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Following the Thread

Mark Zuckerberg's Twitter clone Threads racked up more than 30 million users in less than 24 hours.

Mark Zuckerberg's Twitter clone Threads racked up more than 30 million users in less than 24 hours.

A huge part of this story is that after screwing around and blowing through billions of dollars on developing its virtual reality product and laying off more than 10,000 employees this year, Zuckerberg is back to doing what he does best: producing near-copies of his competitor's products and then using Facebook's market dominance to make it a success.

Strictly speaking, Threads is not necessarily a success yet. Numerical users do not make a social network and to my Twitter-addled brain, Threads still has what I would call a Mastadon problem, which is that the actual posts are not "good" (hate-inducingly bad, funny, etc.) in the way that Twitter can be good. But Twitter is now a much more venal place, where anyone hawking any kind of diet pill or crypto scam is a verified user.

The oddest thing about Threads thus far is the extent to which Zuckerberg shied away from actually just copying Twitter, which allows you to toggle between an algorithmically determined feed and one that is more limited to who you follow. On Threads, there's no way to only follow posts from accounts you follow. Maybe this was an exercise in creating a defense for the inevitable lawsuit that Twitter does now says it is considering.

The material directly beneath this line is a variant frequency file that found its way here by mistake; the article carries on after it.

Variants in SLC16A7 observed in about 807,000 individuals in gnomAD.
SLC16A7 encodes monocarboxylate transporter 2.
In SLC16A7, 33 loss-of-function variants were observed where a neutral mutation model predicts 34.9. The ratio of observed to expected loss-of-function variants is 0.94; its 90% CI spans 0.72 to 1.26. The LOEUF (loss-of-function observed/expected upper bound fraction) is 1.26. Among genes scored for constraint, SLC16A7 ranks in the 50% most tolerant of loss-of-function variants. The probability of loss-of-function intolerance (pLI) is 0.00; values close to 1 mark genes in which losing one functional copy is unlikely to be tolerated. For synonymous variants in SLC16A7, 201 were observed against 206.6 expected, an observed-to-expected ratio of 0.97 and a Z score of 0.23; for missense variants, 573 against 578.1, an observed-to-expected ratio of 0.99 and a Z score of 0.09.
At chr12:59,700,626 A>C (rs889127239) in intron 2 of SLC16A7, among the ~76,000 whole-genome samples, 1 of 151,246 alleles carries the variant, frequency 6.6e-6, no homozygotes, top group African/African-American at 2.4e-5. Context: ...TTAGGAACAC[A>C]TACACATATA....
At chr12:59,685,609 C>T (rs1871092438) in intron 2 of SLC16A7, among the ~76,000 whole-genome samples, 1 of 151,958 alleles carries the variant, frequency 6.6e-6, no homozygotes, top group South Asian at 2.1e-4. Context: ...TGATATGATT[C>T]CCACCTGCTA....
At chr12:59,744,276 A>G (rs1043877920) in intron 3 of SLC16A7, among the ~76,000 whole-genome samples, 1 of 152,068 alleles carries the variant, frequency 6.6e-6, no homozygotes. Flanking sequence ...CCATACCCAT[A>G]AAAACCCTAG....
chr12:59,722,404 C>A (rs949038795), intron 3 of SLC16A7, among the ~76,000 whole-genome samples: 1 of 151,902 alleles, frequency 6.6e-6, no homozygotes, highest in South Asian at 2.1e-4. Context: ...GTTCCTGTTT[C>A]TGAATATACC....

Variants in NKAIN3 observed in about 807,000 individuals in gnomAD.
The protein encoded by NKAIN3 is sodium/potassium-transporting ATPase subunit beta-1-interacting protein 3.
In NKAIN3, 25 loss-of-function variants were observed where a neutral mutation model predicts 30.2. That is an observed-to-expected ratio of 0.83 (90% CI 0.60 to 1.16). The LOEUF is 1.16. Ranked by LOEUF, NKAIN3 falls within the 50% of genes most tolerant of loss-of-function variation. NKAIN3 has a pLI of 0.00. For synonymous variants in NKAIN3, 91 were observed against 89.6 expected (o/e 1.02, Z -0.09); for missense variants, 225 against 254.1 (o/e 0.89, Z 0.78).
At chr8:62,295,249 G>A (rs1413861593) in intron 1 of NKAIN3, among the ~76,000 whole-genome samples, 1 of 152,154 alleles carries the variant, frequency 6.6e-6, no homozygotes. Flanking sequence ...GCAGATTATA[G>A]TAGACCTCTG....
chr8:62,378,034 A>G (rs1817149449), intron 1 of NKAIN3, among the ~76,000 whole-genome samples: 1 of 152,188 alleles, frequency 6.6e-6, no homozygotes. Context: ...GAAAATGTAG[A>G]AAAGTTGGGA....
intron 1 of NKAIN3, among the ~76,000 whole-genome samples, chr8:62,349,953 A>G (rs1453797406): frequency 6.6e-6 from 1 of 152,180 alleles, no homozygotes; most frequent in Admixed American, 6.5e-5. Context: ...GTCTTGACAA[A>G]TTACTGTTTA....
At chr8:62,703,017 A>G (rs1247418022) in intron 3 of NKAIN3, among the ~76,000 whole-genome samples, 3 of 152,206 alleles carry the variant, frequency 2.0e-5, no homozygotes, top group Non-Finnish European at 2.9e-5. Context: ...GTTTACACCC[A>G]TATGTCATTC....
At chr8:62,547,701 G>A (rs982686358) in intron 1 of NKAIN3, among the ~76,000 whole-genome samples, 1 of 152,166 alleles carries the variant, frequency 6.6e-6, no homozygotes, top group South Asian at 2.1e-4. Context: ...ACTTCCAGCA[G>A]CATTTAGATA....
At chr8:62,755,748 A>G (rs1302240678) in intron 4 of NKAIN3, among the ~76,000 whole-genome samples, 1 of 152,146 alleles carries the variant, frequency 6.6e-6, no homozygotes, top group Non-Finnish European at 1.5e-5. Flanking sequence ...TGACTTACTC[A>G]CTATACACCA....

I'm sure Zuckerberg feels that Facebook and Instagram proved long-ago that user gripes aside, social media users have a revealed preference for the algo. But Thread's isn't a project in building a general population social network. It's a Twitter kill shot. Developing it to be only 80% lethal seems like a mistake.

After all, the goal here is not to create a new cohort of social media users – it's to kick Twitter while it's down. And the best way to do that is fairly simple: make a Twitter that works. Even with its drawbacks, Threads now seems closer to that goal than Twitter.

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